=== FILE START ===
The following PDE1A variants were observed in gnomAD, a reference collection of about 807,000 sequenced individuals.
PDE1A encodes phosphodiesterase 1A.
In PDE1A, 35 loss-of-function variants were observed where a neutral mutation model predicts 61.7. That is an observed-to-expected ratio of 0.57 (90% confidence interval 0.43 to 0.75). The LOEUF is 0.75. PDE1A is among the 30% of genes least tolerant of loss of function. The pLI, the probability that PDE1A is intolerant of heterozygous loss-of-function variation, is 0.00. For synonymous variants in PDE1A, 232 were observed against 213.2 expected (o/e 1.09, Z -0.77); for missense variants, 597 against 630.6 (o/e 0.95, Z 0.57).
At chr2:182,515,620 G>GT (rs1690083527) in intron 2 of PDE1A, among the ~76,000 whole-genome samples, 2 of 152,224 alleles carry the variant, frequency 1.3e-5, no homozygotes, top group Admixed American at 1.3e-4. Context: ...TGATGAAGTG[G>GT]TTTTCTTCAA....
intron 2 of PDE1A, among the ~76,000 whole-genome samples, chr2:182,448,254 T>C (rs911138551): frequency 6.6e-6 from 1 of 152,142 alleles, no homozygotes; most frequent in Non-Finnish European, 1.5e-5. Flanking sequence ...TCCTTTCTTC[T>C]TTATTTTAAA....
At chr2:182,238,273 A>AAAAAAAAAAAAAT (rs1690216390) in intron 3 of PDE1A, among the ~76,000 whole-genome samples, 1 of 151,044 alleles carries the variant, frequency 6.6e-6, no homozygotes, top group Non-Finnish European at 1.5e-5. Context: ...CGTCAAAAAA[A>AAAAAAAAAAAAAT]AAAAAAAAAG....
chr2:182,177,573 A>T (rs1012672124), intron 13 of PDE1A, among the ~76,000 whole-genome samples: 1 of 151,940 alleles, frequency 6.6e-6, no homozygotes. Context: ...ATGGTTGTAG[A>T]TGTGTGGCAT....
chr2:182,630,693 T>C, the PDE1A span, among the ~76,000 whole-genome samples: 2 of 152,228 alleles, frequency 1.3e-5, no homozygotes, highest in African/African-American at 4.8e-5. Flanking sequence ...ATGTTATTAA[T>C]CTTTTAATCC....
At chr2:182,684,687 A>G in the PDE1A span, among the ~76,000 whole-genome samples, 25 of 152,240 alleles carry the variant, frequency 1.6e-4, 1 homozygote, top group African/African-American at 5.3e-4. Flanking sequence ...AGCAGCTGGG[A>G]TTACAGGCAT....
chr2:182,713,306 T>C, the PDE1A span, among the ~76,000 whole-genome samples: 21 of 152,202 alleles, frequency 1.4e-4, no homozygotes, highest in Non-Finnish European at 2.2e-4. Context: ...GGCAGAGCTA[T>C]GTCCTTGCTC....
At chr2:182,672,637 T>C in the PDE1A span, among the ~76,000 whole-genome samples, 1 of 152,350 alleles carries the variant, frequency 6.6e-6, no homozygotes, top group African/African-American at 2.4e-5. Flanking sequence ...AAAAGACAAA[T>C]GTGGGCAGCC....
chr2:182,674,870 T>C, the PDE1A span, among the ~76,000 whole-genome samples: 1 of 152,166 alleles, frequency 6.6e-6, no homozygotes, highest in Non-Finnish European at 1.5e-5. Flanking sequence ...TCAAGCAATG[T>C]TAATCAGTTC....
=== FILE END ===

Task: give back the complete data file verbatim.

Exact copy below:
The following PDE1A variants were observed in gnomAD, a reference collection of about 807,000 sequenced individuals.
PDE1A encodes phosphodiesterase 1A.
In PDE1A, 35 loss-of-function variants were observed where a neutral mutation model predicts 61.7. That is an observed-to-expected ratio of 0.57 (90% confidence interval 0.43 to 0.75). The LOEUF is 0.75. PDE1A is among the 30% of genes least tolerant of loss of function. The pLI, the probability that PDE1A is intolerant of heterozygous loss-of-function variation, is 0.00. For synonymous variants in PDE1A, 232 were observed against 213.2 expected (o/e 1.09, Z -0.77); for missense variants, 597 against 630.6 (o/e 0.95, Z 0.57).
At chr2:182,515,620 G>GT (rs1690083527) in intron 2 of PDE1A, among the ~76,000 whole-genome samples, 2 of 152,224 alleles carry the variant, frequency 1.3e-5, no homozygotes, top group Admixed American at 1.3e-4. Context: ...TGATGAAGTG[G>GT]TTTTCTTCAA....
intron 2 of PDE1A, among the ~76,000 whole-genome samples, chr2:182,448,254 T>C (rs911138551): frequency 6.6e-6 from 1 of 152,142 alleles, no homozygotes; most frequent in Non-Finnish European, 1.5e-5. Flanking sequence ...TCCTTTCTTC[T>C]TTATTTTAAA....
At chr2:182,238,273 A>AAAAAAAAAAAAAT (rs1690216390) in intron 3 of PDE1A, among the ~76,000 whole-genome samples, 1 of 151,044 alleles carries the variant, frequency 6.6e-6, no homozygotes, top group Non-Finnish European at 1.5e-5. Context: ...CGTCAAAAAA[A>AAAAAAAAAAAAAT]AAAAAAAAAG....
chr2:182,177,573 A>T (rs1012672124), intron 13 of PDE1A, among the ~76,000 whole-genome samples: 1 of 151,940 alleles, frequency 6.6e-6, no homozygotes. Context: ...ATGGTTGTAG[A>T]TGTGTGGCAT....
chr2:182,630,693 T>C, the PDE1A span, among the ~76,000 whole-genome samples: 2 of 152,228 alleles, frequency 1.3e-5, no homozygotes, highest in African/African-American at 4.8e-5. Flanking sequence ...ATGTTATTAA[T>C]CTTTTAATCC....
At chr2:182,684,687 A>G in the PDE1A span, among the ~76,000 whole-genome samples, 25 of 152,240 alleles carry the variant, frequency 1.6e-4, 1 homozygote, top group African/African-American at 5.3e-4. Flanking sequence ...AGCAGCTGGG[A>G]TTACAGGCAT....
chr2:182,713,306 T>C, the PDE1A span, among the ~76,000 whole-genome samples: 21 of 152,202 alleles, frequency 1.4e-4, no homozygotes, highest in Non-Finnish European at 2.2e-4. Context: ...GGCAGAGCTA[T>C]GTCCTTGCTC....
At chr2:182,672,637 T>C in the PDE1A span, among the ~76,000 whole-genome samples, 1 of 152,350 alleles carries the variant, frequency 6.6e-6, no homozygotes, top group African/African-American at 2.4e-5. Flanking sequence ...AAAAGACAAA[T>C]GTGGGCAGCC....
chr2:182,674,870 T>C, the PDE1A span, among the ~76,000 whole-genome samples: 1 of 152,166 alleles, frequency 6.6e-6, no homozygotes, highest in Non-Finnish European at 1.5e-5. Flanking sequence ...TCAAGCAATG[T>C]TAATCAGTTC....